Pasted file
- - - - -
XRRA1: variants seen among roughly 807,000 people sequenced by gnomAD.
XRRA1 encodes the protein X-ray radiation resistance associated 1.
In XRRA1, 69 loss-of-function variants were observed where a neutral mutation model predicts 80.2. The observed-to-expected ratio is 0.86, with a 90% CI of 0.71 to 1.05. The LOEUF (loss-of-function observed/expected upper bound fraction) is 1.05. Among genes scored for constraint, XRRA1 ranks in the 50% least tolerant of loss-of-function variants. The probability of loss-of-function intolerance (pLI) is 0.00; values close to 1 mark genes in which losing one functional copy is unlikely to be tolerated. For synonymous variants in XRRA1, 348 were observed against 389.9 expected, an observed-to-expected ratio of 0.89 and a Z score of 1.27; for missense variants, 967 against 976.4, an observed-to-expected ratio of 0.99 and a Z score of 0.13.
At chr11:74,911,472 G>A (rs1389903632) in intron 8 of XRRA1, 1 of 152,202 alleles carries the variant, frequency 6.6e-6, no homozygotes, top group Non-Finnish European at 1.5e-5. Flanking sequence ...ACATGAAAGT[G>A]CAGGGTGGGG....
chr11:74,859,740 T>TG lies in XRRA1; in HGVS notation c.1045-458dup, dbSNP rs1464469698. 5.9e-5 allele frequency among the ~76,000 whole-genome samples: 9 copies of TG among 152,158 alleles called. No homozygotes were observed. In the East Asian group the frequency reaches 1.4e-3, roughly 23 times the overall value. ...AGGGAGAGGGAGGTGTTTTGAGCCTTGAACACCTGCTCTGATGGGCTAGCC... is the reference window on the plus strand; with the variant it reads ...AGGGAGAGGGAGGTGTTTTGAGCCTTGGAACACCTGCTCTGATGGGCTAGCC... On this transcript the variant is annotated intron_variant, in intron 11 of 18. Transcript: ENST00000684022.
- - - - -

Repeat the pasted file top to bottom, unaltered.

XRRA1: variants seen among roughly 807,000 people sequenced by gnomAD.
XRRA1 encodes the protein X-ray radiation resistance associated 1.
In XRRA1, 69 loss-of-function variants were observed where a neutral mutation model predicts 80.2. The observed-to-expected ratio is 0.86, with a 90% CI of 0.71 to 1.05. The LOEUF (loss-of-function observed/expected upper bound fraction) is 1.05. Among genes scored for constraint, XRRA1 ranks in the 50% least tolerant of loss-of-function variants. The probability of loss-of-function intolerance (pLI) is 0.00; values close to 1 mark genes in which losing one functional copy is unlikely to be tolerated. For synonymous variants in XRRA1, 348 were observed against 389.9 expected, an observed-to-expected ratio of 0.89 and a Z score of 1.27; for missense variants, 967 against 976.4, an observed-to-expected ratio of 0.99 and a Z score of 0.13.
At chr11:74,911,472 G>A (rs1389903632) in intron 8 of XRRA1, 1 of 152,202 alleles carries the variant, frequency 6.6e-6, no homozygotes, top group Non-Finnish European at 1.5e-5. Flanking sequence ...ACATGAAAGT[G>A]CAGGGTGGGG....
chr11:74,859,740 T>TG lies in XRRA1; in HGVS notation c.1045-458dup, dbSNP rs1464469698. 5.9e-5 allele frequency among the ~76,000 whole-genome samples: 9 copies of TG among 152,158 alleles called. No homozygotes were observed. In the East Asian group the frequency reaches 1.4e-3, roughly 23 times the overall value. ...AGGGAGAGGGAGGTGTTTTGAGCCTTGAACACCTGCTCTGATGGGCTAGCC... is the reference window on the plus strand; with the variant it reads ...AGGGAGAGGGAGGTGTTTTGAGCCTTGGAACACCTGCTCTGATGGGCTAGCC... On this transcript the variant is annotated intron_variant, in intron 11 of 18. Transcript: ENST00000684022.